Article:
Make sure your Bank or Credit Union provides an Authentication solution that uses the Login credentials you enter plus a Login credential you do not enter. Why? Because Zeus uses a real-time Keylogger to steal your Login credentials as you enter them. If you have another credential that you do not enter then Zeus can not steal it and will not be able to access your online bank account.

    Most of these types of Authentication solutions are too expensive for Banks to issue and cumbersome for the end users, such as a Smart-card & Reader or a USB token. However, there is a Software solution available that evolved from the Smart-card and has been protecting online banking for some time. This type of solution is highly affordable for a Bank to deploy to the masses and is user friendly.

    1. jg

      Too expensive? We’ll see. They don’t have to be too cumbersome. Personally I just think the banks have not been motivated enough. But a few widespread attacks like this on consumers (for which the bank has to eat all or a large part of the losses) will hopefully change the trend.

      1. Mike Angelinovich

        I agree that a Smart card & Reader is the way to go but the Banks do not need to spend the money to achieve the exact same result as the software solution is currently providing for almost nothing per user. This software was designed to do exactly what a Smart card does. After the user enters their Password the software is automatically triggered to generate a new onetime only dynamic authentication credential from the users PC and sends it automatically to the Bank’s authentication server for validation with the user’s credentials. Once it is validated, the server sends the user a new virtual token to be used for the next time the user logs into their online bank account. What is even more secure than the Smart card solution is that the new virtual token must be returned to its original source before it grants access into that online account and it is monitored at both the server end and the user’s PC end. This is very strong MFA and is fully portable and flexible to the point that a user can elect to use it as a hardware solution without the Bank issuing any hardware. The user can elect to store the new virtual token in their own USB Memory Stick and take it with them to access their online account securely from any PC or Mac anywhere. Anheuser-Busch Employees’ Credit Union and their online banking users across the nation describe it as leading edge security technology. So why should a Bank spend tons of money on issuing Smart cards & Readers? Plus users must carry those readers with them if they wish to access their account from a different computer and that is cumbersome.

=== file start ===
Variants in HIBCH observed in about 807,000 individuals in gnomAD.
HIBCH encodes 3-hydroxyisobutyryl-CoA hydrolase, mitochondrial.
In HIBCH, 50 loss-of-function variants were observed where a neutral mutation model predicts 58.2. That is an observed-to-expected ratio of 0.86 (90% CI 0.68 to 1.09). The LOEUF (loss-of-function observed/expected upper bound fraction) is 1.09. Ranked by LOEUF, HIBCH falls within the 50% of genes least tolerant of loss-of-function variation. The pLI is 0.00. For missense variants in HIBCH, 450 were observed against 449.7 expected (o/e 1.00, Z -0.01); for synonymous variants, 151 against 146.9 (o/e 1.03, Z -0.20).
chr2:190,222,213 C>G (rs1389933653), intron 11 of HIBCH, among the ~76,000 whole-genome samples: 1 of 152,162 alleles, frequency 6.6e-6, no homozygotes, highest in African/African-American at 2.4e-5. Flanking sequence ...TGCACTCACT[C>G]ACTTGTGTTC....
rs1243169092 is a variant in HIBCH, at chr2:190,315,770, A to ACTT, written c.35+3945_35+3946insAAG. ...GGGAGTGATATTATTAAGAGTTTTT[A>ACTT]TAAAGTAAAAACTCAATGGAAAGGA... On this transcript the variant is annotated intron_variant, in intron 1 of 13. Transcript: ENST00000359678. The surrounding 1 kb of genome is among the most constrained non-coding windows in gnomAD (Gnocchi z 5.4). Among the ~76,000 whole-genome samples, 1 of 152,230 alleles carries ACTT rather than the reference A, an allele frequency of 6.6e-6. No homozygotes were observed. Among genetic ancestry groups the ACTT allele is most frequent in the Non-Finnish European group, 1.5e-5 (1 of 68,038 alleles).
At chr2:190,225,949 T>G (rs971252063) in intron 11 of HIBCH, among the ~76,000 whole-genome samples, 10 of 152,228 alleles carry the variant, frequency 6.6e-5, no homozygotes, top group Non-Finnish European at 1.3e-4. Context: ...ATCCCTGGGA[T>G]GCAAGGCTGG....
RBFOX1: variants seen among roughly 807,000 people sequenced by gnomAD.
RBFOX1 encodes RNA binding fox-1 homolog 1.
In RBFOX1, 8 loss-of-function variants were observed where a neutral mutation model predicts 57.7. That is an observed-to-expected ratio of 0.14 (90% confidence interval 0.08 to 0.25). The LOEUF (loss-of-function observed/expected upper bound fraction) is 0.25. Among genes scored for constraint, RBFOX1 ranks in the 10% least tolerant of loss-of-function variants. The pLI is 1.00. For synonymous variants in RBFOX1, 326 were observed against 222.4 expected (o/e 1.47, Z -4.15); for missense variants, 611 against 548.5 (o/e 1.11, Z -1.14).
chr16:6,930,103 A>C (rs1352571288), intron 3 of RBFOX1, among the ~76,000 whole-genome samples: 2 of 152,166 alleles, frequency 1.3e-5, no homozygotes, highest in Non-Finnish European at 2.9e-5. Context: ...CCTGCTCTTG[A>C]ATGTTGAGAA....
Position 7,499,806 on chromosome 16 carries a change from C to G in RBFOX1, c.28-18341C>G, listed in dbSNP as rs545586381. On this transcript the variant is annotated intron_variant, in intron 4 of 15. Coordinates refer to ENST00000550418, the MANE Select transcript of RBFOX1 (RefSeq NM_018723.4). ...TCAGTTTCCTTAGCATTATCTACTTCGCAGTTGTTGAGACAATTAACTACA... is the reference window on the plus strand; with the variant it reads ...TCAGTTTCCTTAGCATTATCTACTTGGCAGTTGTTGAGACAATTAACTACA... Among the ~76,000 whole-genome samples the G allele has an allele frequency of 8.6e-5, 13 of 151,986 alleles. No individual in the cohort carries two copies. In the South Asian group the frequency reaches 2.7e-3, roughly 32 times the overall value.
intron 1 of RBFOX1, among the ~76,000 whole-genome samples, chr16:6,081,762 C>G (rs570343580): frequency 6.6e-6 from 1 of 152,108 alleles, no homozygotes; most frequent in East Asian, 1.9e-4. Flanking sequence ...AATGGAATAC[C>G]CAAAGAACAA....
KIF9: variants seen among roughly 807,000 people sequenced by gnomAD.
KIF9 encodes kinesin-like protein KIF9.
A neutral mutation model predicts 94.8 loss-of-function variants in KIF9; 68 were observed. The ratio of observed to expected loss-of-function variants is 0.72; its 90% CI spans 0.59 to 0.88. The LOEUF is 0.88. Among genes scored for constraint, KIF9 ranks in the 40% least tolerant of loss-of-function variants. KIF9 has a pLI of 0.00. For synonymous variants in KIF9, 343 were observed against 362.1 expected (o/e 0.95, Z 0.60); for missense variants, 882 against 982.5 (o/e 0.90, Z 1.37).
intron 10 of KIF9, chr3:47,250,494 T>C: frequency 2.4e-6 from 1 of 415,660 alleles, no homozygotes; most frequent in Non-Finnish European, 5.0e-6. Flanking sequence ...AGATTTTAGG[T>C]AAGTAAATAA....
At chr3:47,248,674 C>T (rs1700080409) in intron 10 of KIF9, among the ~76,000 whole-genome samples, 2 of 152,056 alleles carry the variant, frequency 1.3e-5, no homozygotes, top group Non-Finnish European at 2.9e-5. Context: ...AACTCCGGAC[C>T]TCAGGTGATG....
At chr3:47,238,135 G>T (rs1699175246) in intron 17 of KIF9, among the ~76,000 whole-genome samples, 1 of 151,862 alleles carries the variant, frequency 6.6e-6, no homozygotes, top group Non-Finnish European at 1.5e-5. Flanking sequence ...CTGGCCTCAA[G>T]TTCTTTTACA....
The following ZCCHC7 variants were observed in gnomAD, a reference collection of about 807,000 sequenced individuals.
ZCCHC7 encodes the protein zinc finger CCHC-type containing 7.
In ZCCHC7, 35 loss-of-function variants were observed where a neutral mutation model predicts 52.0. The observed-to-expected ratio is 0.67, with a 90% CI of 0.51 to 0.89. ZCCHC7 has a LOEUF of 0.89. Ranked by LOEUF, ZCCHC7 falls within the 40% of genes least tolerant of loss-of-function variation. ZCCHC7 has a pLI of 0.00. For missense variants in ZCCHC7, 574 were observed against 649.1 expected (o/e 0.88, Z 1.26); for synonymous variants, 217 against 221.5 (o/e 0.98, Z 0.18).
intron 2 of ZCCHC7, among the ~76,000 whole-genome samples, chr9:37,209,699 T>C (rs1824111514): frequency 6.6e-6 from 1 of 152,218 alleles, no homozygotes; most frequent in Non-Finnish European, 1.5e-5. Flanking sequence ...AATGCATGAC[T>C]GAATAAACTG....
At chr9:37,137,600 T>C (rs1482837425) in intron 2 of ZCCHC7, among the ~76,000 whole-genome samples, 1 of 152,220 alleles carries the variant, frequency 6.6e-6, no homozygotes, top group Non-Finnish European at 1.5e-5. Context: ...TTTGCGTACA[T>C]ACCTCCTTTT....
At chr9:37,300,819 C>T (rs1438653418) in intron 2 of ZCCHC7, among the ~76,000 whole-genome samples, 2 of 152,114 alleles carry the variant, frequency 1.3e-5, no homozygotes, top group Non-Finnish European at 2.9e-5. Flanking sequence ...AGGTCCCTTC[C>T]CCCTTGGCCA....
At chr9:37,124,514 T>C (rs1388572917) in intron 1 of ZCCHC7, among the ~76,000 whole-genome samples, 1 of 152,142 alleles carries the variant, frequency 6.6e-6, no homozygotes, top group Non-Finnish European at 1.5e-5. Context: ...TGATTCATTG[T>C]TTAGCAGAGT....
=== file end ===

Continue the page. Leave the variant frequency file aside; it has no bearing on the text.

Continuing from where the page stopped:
8. dcx2

    I personally have a netbook which has ubuntu on it. It is my bank machine. Any banking information at all goes through that netbook and nothing else. I even remove the battery while not in use – not for paranoia, but because the battery holds a charge for much longer when it’s disconnected.

  9. YankDownUnder

    “Microsoft Windows is safe and easy to use!” – as per Microsoft marketing.

    Why businesses – of any size – depend on the least secure product on the market to perform vital tasks like banking is beyond my ken – 20 years of proof…c’mon…

  10. chris

    I’m seeing a lot of “ACH transfer failed” and “IRS” mails lately, as well as “DHL Express Delivery Notification” mails.

    These always contain a ZIP file with a lengthy filename and all in all look like amateur work. I’ve seen far better.

  11. matt

    I’m old school. I recommend two banks. One is used for any online banking and only the money needed to pay bills goes there.
    The money comes from a single monthly check written from an account where the real money is that is *never* exposed online.

    Yes, it’s less flexible, but the only money exposed is the monthly bills amount and even that may not be in the account when they try to hit it.

  12. Slightlyoutofit

    The scammers don’t just DDOS banks to smokescreen their activities. They’ll hit anyone who they deem a threat. We run an anti-scam site and recently discovered an Eastern European gang using fake Amazon sites to further their scams. When one was posted on our forum at, we were knocked offline with a DDOS attack. We’re still under it as I write this. They then hit our sister site and a couple of others which were carrying details of the scam and knocked them offline too. To cap it all, they’ve also sent us a threatening email promising further “aggressive action” if we don’t back off.